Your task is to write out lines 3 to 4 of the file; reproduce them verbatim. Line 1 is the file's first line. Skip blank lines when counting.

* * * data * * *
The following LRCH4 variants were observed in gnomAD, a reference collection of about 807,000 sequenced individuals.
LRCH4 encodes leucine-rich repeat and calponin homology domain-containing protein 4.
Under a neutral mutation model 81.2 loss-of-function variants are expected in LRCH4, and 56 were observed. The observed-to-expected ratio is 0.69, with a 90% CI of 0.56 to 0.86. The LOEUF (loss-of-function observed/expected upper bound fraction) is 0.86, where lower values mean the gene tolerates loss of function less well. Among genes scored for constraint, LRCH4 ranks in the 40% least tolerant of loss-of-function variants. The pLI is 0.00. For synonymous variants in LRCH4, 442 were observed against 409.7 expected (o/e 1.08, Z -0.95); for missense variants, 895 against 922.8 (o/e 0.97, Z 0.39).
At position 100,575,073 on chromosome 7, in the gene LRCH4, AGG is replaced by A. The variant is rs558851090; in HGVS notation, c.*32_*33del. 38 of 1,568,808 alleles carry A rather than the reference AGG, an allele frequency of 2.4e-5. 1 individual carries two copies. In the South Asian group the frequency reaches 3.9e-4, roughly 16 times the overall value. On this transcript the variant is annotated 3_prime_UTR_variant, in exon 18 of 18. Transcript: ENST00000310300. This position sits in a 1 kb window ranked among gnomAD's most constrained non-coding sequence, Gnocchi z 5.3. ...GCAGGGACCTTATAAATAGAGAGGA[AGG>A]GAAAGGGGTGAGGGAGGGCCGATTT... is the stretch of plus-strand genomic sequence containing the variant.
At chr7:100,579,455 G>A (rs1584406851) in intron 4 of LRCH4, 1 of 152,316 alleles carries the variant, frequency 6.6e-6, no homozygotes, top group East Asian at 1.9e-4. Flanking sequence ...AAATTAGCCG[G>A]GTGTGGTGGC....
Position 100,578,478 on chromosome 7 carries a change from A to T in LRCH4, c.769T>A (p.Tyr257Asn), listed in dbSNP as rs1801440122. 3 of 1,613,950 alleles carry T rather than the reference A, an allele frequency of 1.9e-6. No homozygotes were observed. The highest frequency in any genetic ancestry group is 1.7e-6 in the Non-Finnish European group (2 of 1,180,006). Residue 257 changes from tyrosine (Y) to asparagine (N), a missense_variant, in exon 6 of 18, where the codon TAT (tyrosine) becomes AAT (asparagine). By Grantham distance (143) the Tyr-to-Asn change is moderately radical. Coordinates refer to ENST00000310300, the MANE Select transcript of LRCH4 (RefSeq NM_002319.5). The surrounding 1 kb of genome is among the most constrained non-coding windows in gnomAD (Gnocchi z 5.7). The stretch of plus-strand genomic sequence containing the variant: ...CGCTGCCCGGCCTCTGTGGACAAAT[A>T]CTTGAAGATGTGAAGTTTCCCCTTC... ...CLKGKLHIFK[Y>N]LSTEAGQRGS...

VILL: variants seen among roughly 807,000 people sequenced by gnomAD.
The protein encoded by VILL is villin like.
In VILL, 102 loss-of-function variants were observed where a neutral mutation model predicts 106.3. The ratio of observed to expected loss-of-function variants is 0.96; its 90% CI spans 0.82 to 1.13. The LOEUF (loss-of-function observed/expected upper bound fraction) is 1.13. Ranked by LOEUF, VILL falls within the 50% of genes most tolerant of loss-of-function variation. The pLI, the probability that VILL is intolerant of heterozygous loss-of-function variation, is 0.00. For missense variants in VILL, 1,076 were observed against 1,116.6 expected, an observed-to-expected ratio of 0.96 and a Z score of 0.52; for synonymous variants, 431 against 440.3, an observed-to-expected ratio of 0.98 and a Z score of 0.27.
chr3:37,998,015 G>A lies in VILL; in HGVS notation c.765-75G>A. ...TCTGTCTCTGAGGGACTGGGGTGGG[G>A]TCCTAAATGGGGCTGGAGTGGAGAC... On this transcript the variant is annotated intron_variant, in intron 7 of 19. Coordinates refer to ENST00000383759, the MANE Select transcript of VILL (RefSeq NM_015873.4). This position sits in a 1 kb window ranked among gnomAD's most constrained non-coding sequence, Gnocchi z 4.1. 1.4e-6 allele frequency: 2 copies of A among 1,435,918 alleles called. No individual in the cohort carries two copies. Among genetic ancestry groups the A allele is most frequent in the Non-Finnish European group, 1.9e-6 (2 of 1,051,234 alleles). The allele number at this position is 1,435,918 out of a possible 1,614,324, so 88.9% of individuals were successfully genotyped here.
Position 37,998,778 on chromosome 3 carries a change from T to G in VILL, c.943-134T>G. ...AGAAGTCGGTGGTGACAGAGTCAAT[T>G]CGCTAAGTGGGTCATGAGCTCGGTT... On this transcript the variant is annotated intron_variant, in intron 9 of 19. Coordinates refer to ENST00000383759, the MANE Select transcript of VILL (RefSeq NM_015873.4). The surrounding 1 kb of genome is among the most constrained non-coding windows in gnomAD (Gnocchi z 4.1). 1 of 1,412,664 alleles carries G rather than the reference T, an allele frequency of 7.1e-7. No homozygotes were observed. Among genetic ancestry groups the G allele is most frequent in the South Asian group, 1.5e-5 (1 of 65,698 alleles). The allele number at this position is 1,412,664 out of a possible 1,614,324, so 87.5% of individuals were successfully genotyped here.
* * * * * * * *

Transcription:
Under a neutral mutation model 81.2 loss-of-function variants are expected in LRCH4, and 56 were observed. The observed-to-expected ratio is 0.69, with a 90% CI of 0.56 to 0.86. The LOEUF (loss-of-function observed/expected upper bound fraction) is 0.86, where lower values mean the gene tolerates loss of function less well. Among genes scored for constraint, LRCH4 ranks in the 40% least tolerant of loss-of-function variants. The pLI is 0.00. For synonymous variants in LRCH4, 442 were observed against 409.7 expected (o/e 1.08, Z -0.95); for missense variants, 895 against 922.8 (o/e 0.97, Z 0.39).
At position 100,575,073 on chromosome 7, in the gene LRCH4, AGG is replaced by A. The variant is rs558851090; in HGVS notation, c.*32_*33del. 38 of 1,568,808 alleles carry A rather than the reference AGG, an allele frequency of 2.4e-5. 1 individual carries two copies. In the South Asian group the frequency reaches 3.9e-4, roughly 16 times the overall value. On this transcript the variant is annotated 3_prime_UTR_variant, in exon 18 of 18. Transcript: ENST00000310300. This position sits in a 1 kb window ranked among gnomAD's most constrained non-coding sequence, Gnocchi z 5.3. ...GCAGGGACCTTATAAATAGAGAGGA[AGG>A]GAAAGGGGTGAGGGAGGGCCGATTT... is the stretch of plus-strand genomic sequence containing the variant.